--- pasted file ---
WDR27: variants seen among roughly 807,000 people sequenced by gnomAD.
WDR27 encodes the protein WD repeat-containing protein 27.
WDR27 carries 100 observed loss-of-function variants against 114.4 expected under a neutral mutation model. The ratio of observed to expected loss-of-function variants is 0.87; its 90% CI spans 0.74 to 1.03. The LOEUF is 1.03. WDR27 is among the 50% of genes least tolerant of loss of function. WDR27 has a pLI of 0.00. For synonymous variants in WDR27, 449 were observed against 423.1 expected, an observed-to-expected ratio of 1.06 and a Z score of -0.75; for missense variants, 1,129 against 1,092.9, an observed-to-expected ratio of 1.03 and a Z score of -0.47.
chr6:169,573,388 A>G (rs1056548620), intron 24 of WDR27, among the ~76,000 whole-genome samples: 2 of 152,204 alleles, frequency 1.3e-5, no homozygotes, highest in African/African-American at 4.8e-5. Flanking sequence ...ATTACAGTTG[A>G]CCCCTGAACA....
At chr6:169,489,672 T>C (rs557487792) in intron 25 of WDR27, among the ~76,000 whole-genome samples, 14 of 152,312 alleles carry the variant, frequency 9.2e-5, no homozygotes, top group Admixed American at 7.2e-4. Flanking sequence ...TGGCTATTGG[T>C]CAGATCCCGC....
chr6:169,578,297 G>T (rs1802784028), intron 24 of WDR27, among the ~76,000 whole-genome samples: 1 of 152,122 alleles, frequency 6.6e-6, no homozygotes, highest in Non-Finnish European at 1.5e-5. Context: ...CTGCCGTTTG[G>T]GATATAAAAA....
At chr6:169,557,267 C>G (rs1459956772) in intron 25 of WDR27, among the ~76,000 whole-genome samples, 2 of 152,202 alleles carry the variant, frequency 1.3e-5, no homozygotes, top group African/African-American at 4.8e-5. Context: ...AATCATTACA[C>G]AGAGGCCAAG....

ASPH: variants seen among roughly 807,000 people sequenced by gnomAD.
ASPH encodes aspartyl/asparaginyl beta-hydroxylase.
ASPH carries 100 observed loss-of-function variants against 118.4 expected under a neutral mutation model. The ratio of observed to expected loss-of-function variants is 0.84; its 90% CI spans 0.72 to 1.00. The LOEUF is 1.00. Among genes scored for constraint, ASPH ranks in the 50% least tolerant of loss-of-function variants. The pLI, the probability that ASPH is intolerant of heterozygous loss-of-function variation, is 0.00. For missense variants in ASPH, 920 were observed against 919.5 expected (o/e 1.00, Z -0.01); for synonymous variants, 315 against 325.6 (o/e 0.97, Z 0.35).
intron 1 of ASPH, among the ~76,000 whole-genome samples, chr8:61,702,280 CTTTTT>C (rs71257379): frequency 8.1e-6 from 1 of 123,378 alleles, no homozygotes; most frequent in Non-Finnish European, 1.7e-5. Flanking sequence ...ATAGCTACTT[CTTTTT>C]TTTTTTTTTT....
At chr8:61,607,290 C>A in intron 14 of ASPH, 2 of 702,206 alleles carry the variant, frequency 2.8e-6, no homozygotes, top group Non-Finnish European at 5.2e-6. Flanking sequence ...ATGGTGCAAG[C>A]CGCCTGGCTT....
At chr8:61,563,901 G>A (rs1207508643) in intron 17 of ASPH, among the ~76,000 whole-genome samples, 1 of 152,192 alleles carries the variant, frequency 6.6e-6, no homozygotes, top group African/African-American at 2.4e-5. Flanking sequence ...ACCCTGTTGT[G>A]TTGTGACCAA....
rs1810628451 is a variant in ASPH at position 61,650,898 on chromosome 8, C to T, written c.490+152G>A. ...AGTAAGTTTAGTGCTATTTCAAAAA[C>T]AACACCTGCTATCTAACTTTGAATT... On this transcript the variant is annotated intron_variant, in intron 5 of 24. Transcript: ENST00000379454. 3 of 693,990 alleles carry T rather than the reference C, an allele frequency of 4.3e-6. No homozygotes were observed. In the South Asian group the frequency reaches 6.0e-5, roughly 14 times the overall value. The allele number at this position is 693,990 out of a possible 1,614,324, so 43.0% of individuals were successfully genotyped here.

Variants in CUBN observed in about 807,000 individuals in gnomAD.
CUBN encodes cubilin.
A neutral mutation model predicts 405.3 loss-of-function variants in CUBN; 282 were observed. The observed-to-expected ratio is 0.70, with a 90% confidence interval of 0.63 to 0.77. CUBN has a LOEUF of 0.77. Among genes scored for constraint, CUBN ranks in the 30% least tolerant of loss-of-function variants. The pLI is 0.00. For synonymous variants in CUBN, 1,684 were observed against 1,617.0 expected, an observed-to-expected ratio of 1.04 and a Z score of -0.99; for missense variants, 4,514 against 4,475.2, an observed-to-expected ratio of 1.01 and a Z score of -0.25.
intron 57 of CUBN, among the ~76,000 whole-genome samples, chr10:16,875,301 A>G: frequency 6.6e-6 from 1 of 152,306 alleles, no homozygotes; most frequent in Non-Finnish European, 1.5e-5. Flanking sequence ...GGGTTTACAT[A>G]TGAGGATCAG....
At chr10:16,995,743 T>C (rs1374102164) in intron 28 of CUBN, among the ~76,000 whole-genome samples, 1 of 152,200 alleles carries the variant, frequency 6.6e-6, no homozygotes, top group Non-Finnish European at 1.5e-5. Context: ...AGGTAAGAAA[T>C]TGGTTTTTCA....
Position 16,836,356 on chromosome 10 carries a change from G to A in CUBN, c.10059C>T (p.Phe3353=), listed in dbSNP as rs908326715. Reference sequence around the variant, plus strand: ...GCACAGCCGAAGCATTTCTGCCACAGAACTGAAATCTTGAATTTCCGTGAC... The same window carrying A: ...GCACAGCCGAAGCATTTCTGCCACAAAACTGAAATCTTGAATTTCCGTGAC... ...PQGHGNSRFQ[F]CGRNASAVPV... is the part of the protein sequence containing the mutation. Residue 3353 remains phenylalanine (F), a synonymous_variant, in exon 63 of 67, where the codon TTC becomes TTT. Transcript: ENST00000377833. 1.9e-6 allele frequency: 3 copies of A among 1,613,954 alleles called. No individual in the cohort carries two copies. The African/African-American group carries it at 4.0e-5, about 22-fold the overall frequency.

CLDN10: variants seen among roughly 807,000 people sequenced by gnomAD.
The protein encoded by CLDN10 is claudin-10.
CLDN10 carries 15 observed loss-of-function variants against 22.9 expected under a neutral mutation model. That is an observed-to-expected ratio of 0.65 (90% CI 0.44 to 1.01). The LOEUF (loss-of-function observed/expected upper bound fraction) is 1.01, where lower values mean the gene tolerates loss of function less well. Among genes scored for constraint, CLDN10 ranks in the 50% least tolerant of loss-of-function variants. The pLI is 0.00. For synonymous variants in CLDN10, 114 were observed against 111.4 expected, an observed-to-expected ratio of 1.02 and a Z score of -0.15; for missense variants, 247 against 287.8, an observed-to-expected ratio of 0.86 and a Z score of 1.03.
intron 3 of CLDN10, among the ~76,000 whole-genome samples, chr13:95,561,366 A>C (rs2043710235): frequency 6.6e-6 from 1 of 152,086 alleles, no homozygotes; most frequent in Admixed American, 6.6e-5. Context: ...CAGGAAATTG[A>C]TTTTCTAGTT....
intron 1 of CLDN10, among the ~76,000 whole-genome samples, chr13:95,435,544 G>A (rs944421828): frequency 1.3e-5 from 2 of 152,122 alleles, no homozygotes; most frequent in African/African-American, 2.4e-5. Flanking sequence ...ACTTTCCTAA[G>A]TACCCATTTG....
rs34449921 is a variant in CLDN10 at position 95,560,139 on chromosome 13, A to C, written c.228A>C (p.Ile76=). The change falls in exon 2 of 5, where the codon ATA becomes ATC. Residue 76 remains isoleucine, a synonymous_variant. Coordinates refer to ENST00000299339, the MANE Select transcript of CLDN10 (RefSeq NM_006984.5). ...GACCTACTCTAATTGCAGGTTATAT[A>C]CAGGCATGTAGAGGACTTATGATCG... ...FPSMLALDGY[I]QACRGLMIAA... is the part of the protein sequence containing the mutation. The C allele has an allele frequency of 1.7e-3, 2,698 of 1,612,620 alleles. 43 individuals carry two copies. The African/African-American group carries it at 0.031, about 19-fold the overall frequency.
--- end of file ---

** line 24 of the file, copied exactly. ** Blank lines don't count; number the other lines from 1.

intron 3 of CLDN10, among the ~76,000 whole-genome samples, chr13:95,561,366 A>C (rs2043710235): frequency 6.6e-6 from 1 of 152,086 alleles, no homozygotes; most frequent in Admixed American, 6.6e-5. Context: ...CAGGAAATTG[A>C]TTTTCTAGTT....